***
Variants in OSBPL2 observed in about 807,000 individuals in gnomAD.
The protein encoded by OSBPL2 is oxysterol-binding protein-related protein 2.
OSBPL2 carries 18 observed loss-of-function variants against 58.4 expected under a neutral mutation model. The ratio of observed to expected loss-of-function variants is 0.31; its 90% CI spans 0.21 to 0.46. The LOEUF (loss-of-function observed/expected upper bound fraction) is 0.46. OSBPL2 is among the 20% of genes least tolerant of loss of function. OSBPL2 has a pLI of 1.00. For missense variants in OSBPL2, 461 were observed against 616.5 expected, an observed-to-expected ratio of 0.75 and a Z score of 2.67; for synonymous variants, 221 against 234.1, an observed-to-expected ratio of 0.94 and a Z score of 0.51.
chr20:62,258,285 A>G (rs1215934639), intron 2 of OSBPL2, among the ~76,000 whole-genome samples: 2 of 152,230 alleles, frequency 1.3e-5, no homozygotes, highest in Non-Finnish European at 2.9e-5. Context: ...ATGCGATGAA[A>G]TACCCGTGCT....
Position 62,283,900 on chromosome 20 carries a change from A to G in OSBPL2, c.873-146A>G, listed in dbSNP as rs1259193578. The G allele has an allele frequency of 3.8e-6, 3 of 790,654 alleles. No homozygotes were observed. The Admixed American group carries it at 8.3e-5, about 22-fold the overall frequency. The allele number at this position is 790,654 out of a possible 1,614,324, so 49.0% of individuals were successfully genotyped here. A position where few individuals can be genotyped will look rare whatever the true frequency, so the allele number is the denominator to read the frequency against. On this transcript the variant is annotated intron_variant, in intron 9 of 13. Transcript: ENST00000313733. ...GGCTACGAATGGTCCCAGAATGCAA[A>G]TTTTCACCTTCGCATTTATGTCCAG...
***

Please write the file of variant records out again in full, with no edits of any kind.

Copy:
Variants in OSBPL2 observed in about 807,000 individuals in gnomAD.
The protein encoded by OSBPL2 is oxysterol-binding protein-related protein 2.
OSBPL2 carries 18 observed loss-of-function variants against 58.4 expected under a neutral mutation model. The ratio of observed to expected loss-of-function variants is 0.31; its 90% CI spans 0.21 to 0.46. The LOEUF (loss-of-function observed/expected upper bound fraction) is 0.46. OSBPL2 is among the 20% of genes least tolerant of loss of function. OSBPL2 has a pLI of 1.00. For missense variants in OSBPL2, 461 were observed against 616.5 expected, an observed-to-expected ratio of 0.75 and a Z score of 2.67; for synonymous variants, 221 against 234.1, an observed-to-expected ratio of 0.94 and a Z score of 0.51.
chr20:62,258,285 A>G (rs1215934639), intron 2 of OSBPL2, among the ~76,000 whole-genome samples: 2 of 152,230 alleles, frequency 1.3e-5, no homozygotes, highest in Non-Finnish European at 2.9e-5. Context: ...ATGCGATGAA[A>G]TACCCGTGCT....
Position 62,283,900 on chromosome 20 carries a change from A to G in OSBPL2, c.873-146A>G, listed in dbSNP as rs1259193578. The G allele has an allele frequency of 3.8e-6, 3 of 790,654 alleles. No homozygotes were observed. The Admixed American group carries it at 8.3e-5, about 22-fold the overall frequency. The allele number at this position is 790,654 out of a possible 1,614,324, so 49.0% of individuals were successfully genotyped here. A position where few individuals can be genotyped will look rare whatever the true frequency, so the allele number is the denominator to read the frequency against. On this transcript the variant is annotated intron_variant, in intron 9 of 13. Transcript: ENST00000313733. ...GGCTACGAATGGTCCCAGAATGCAA[A>G]TTTTCACCTTCGCATTTATGTCCAG...